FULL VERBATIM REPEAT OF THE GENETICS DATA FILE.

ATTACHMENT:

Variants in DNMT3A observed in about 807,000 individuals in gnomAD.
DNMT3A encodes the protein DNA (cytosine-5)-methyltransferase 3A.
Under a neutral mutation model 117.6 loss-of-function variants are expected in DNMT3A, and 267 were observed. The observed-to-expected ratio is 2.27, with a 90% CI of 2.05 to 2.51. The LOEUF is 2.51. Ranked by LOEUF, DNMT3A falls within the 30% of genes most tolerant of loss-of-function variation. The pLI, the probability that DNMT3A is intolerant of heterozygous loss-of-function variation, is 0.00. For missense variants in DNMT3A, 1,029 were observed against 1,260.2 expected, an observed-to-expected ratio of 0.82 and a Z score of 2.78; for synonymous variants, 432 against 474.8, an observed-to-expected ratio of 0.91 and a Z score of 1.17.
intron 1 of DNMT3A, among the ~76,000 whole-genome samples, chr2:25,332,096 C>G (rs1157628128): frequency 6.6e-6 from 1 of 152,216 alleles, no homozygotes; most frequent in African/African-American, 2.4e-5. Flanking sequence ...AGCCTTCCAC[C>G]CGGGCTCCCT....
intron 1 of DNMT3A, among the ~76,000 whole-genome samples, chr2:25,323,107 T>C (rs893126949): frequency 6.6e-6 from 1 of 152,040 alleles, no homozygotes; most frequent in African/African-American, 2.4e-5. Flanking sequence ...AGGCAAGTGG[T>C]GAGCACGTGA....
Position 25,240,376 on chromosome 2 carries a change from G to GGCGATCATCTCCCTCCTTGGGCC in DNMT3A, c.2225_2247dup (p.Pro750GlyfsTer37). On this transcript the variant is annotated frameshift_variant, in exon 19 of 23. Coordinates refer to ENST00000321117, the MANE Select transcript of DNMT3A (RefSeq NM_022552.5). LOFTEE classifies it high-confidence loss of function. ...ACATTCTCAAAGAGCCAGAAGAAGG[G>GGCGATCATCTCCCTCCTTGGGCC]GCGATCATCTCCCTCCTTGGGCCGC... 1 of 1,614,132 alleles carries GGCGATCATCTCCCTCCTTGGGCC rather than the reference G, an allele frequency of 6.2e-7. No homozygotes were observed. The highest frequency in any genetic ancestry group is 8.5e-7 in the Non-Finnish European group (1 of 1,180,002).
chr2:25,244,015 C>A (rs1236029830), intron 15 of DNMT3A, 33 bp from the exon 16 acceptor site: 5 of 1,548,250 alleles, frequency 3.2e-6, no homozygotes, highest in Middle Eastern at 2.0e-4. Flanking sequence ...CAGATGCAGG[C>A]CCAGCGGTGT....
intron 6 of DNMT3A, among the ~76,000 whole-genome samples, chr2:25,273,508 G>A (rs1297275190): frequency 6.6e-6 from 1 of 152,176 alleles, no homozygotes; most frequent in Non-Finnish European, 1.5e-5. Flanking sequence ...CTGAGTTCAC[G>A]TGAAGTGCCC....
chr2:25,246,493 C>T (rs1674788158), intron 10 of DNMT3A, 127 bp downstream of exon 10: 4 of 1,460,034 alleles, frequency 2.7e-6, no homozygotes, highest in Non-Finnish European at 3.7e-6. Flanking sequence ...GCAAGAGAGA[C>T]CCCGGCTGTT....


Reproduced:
Variants in DNMT3A observed in about 807,000 individuals in gnomAD.
DNMT3A encodes the protein DNA (cytosine-5)-methyltransferase 3A.
Under a neutral mutation model 117.6 loss-of-function variants are expected in DNMT3A, and 267 were observed. The observed-to-expected ratio is 2.27, with a 90% CI of 2.05 to 2.51. The LOEUF is 2.51. Ranked by LOEUF, DNMT3A falls within the 30% of genes most tolerant of loss-of-function variation. The pLI, the probability that DNMT3A is intolerant of heterozygous loss-of-function variation, is 0.00. For missense variants in DNMT3A, 1,029 were observed against 1,260.2 expected, an observed-to-expected ratio of 0.82 and a Z score of 2.78; for synonymous variants, 432 against 474.8, an observed-to-expected ratio of 0.91 and a Z score of 1.17.
intron 1 of DNMT3A, among the ~76,000 whole-genome samples, chr2:25,332,096 C>G (rs1157628128): frequency 6.6e-6 from 1 of 152,216 alleles, no homozygotes; most frequent in African/African-American, 2.4e-5. Flanking sequence ...AGCCTTCCAC[C>G]CGGGCTCCCT....
intron 1 of DNMT3A, among the ~76,000 whole-genome samples, chr2:25,323,107 T>C (rs893126949): frequency 6.6e-6 from 1 of 152,040 alleles, no homozygotes; most frequent in African/African-American, 2.4e-5. Flanking sequence ...AGGCAAGTGG[T>C]GAGCACGTGA....
Position 25,240,376 on chromosome 2 carries a change from G to GGCGATCATCTCCCTCCTTGGGCC in DNMT3A, c.2225_2247dup (p.Pro750GlyfsTer37). On this transcript the variant is annotated frameshift_variant, in exon 19 of 23. Coordinates refer to ENST00000321117, the MANE Select transcript of DNMT3A (RefSeq NM_022552.5). LOFTEE classifies it high-confidence loss of function. ...ACATTCTCAAAGAGCCAGAAGAAGG[G>GGCGATCATCTCCCTCCTTGGGCC]GCGATCATCTCCCTCCTTGGGCCGC... 1 of 1,614,132 alleles carries GGCGATCATCTCCCTCCTTGGGCC rather than the reference G, an allele frequency of 6.2e-7. No homozygotes were observed. The highest frequency in any genetic ancestry group is 8.5e-7 in the Non-Finnish European group (1 of 1,180,002).
chr2:25,244,015 C>A (rs1236029830), intron 15 of DNMT3A, 33 bp from the exon 16 acceptor site: 5 of 1,548,250 alleles, frequency 3.2e-6, no homozygotes, highest in Middle Eastern at 2.0e-4. Flanking sequence ...CAGATGCAGG[C>A]CCAGCGGTGT....
intron 6 of DNMT3A, among the ~76,000 whole-genome samples, chr2:25,273,508 G>A (rs1297275190): frequency 6.6e-6 from 1 of 152,176 alleles, no homozygotes; most frequent in Non-Finnish European, 1.5e-5. Flanking sequence ...CTGAGTTCAC[G>A]TGAAGTGCCC....
chr2:25,246,493 C>T (rs1674788158), intron 10 of DNMT3A, 127 bp downstream of exon 10: 4 of 1,460,034 alleles, frequency 2.7e-6, no homozygotes, highest in Non-Finnish European at 3.7e-6. Flanking sequence ...GCAAGAGAGA[C>T]CCCGGCTGTT....